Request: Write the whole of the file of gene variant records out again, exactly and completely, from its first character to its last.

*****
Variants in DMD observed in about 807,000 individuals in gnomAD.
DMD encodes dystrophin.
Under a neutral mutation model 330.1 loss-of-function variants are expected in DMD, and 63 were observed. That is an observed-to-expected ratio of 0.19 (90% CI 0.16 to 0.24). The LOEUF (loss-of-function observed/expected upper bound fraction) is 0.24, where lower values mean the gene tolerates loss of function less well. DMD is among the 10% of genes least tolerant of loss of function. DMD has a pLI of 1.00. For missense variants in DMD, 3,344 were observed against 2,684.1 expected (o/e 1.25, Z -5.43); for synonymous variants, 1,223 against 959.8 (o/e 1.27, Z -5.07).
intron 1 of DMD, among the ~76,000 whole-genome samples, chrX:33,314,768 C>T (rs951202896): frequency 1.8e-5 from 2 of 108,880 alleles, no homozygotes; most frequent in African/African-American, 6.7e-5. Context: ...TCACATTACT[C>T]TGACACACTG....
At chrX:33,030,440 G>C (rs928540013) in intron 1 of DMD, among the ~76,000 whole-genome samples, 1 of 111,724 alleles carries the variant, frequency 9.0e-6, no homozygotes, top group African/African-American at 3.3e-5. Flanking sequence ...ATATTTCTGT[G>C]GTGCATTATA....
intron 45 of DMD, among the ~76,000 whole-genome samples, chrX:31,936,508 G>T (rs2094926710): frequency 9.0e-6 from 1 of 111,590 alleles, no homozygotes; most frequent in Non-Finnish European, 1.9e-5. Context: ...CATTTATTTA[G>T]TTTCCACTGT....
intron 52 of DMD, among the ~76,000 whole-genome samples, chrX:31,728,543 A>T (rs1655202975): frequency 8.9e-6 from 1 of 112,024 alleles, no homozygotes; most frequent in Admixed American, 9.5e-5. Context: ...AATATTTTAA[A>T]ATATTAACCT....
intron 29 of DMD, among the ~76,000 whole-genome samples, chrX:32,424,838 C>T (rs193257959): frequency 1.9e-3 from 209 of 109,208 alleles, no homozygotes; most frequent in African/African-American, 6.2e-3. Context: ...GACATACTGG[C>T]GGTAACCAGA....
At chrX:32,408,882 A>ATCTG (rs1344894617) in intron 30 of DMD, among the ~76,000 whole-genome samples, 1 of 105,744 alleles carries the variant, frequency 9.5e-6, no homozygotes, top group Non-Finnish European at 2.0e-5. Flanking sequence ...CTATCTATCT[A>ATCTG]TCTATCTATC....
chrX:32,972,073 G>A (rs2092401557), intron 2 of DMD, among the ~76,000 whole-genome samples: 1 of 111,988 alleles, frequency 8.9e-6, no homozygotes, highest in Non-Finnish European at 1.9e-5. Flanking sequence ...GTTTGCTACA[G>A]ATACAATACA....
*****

Variants in DMD observed in about 807,000 individuals in gnomAD.
DMD encodes dystrophin.
Under a neutral mutation model 330.1 loss-of-function variants are expected in DMD, and 63 were observed. That is an observed-to-expected ratio of 0.19 (90% CI 0.16 to 0.24). The LOEUF (loss-of-function observed/expected upper bound fraction) is 0.24, where lower values mean the gene tolerates loss of function less well. DMD is among the 10% of genes least tolerant of loss of function. DMD has a pLI of 1.00. For missense variants in DMD, 3,344 were observed against 2,684.1 expected (o/e 1.25, Z -5.43); for synonymous variants, 1,223 against 959.8 (o/e 1.27, Z -5.07).
intron 1 of DMD, among the ~76,000 whole-genome samples, chrX:33,314,768 C>T (rs951202896): frequency 1.8e-5 from 2 of 108,880 alleles, no homozygotes; most frequent in African/African-American, 6.7e-5. Context: ...TCACATTACT[C>T]TGACACACTG....
At chrX:33,030,440 G>C (rs928540013) in intron 1 of DMD, among the ~76,000 whole-genome samples, 1 of 111,724 alleles carries the variant, frequency 9.0e-6, no homozygotes, top group African/African-American at 3.3e-5. Flanking sequence ...ATATTTCTGT[G>C]GTGCATTATA....
intron 45 of DMD, among the ~76,000 whole-genome samples, chrX:31,936,508 G>T (rs2094926710): frequency 9.0e-6 from 1 of 111,590 alleles, no homozygotes; most frequent in Non-Finnish European, 1.9e-5. Context: ...CATTTATTTA[G>T]TTTCCACTGT....
intron 52 of DMD, among the ~76,000 whole-genome samples, chrX:31,728,543 A>T (rs1655202975): frequency 8.9e-6 from 1 of 112,024 alleles, no homozygotes; most frequent in Admixed American, 9.5e-5. Context: ...AATATTTTAA[A>T]ATATTAACCT....
intron 29 of DMD, among the ~76,000 whole-genome samples, chrX:32,424,838 C>T (rs193257959): frequency 1.9e-3 from 209 of 109,208 alleles, no homozygotes; most frequent in African/African-American, 6.2e-3. Context: ...GACATACTGG[C>T]GGTAACCAGA....
At chrX:32,408,882 A>ATCTG (rs1344894617) in intron 30 of DMD, among the ~76,000 whole-genome samples, 1 of 105,744 alleles carries the variant, frequency 9.5e-6, no homozygotes, top group Non-Finnish European at 2.0e-5. Flanking sequence ...CTATCTATCT[A>ATCTG]TCTATCTATC....
chrX:32,972,073 G>A (rs2092401557), intron 2 of DMD, among the ~76,000 whole-genome samples: 1 of 111,988 alleles, frequency 8.9e-6, no homozygotes, highest in Non-Finnish European at 1.9e-5. Flanking sequence ...GTTTGCTACA[G>A]ATACAATACA....